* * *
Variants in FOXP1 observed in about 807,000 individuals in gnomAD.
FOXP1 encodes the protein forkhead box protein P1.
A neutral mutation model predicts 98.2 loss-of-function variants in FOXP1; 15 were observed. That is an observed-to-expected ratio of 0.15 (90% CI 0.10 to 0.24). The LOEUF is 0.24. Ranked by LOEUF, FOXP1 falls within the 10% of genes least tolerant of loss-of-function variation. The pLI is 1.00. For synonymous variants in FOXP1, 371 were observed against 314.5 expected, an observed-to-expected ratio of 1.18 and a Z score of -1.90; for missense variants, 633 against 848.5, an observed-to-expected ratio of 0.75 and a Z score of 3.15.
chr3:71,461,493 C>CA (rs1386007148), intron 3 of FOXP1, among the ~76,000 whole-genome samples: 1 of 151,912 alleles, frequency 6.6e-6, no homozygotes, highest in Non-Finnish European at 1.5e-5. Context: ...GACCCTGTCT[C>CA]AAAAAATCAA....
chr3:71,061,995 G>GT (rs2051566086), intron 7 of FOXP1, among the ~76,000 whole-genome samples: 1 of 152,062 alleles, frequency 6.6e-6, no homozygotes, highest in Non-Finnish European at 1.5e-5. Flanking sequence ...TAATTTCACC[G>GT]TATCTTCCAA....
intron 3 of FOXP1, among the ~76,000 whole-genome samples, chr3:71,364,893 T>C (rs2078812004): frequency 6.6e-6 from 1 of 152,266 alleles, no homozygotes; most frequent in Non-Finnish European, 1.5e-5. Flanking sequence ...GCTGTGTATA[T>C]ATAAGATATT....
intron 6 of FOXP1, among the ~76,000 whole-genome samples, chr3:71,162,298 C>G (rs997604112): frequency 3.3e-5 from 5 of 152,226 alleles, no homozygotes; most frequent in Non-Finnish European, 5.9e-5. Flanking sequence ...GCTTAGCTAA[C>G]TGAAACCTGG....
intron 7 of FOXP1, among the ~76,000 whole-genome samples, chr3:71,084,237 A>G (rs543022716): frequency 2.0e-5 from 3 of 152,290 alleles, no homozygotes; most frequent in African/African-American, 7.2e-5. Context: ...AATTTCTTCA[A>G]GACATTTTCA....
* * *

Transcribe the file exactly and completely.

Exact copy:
Variants in FOXP1 observed in about 807,000 individuals in gnomAD.
FOXP1 encodes the protein forkhead box protein P1.
A neutral mutation model predicts 98.2 loss-of-function variants in FOXP1; 15 were observed. That is an observed-to-expected ratio of 0.15 (90% CI 0.10 to 0.24). The LOEUF is 0.24. Ranked by LOEUF, FOXP1 falls within the 10% of genes least tolerant of loss-of-function variation. The pLI is 1.00. For synonymous variants in FOXP1, 371 were observed against 314.5 expected, an observed-to-expected ratio of 1.18 and a Z score of -1.90; for missense variants, 633 against 848.5, an observed-to-expected ratio of 0.75 and a Z score of 3.15.
chr3:71,461,493 C>CA (rs1386007148), intron 3 of FOXP1, among the ~76,000 whole-genome samples: 1 of 151,912 alleles, frequency 6.6e-6, no homozygotes, highest in Non-Finnish European at 1.5e-5. Context: ...GACCCTGTCT[C>CA]AAAAAATCAA....
chr3:71,061,995 G>GT (rs2051566086), intron 7 of FOXP1, among the ~76,000 whole-genome samples: 1 of 152,062 alleles, frequency 6.6e-6, no homozygotes, highest in Non-Finnish European at 1.5e-5. Flanking sequence ...TAATTTCACC[G>GT]TATCTTCCAA....
intron 3 of FOXP1, among the ~76,000 whole-genome samples, chr3:71,364,893 T>C (rs2078812004): frequency 6.6e-6 from 1 of 152,266 alleles, no homozygotes; most frequent in Non-Finnish European, 1.5e-5. Flanking sequence ...GCTGTGTATA[T>C]ATAAGATATT....
intron 6 of FOXP1, among the ~76,000 whole-genome samples, chr3:71,162,298 C>G (rs997604112): frequency 3.3e-5 from 5 of 152,226 alleles, no homozygotes; most frequent in Non-Finnish European, 5.9e-5. Flanking sequence ...GCTTAGCTAA[C>G]TGAAACCTGG....
intron 7 of FOXP1, among the ~76,000 whole-genome samples, chr3:71,084,237 A>G (rs543022716): frequency 2.0e-5 from 3 of 152,290 alleles, no homozygotes; most frequent in African/African-American, 7.2e-5. Context: ...AATTTCTTCA[A>G]GACATTTTCA....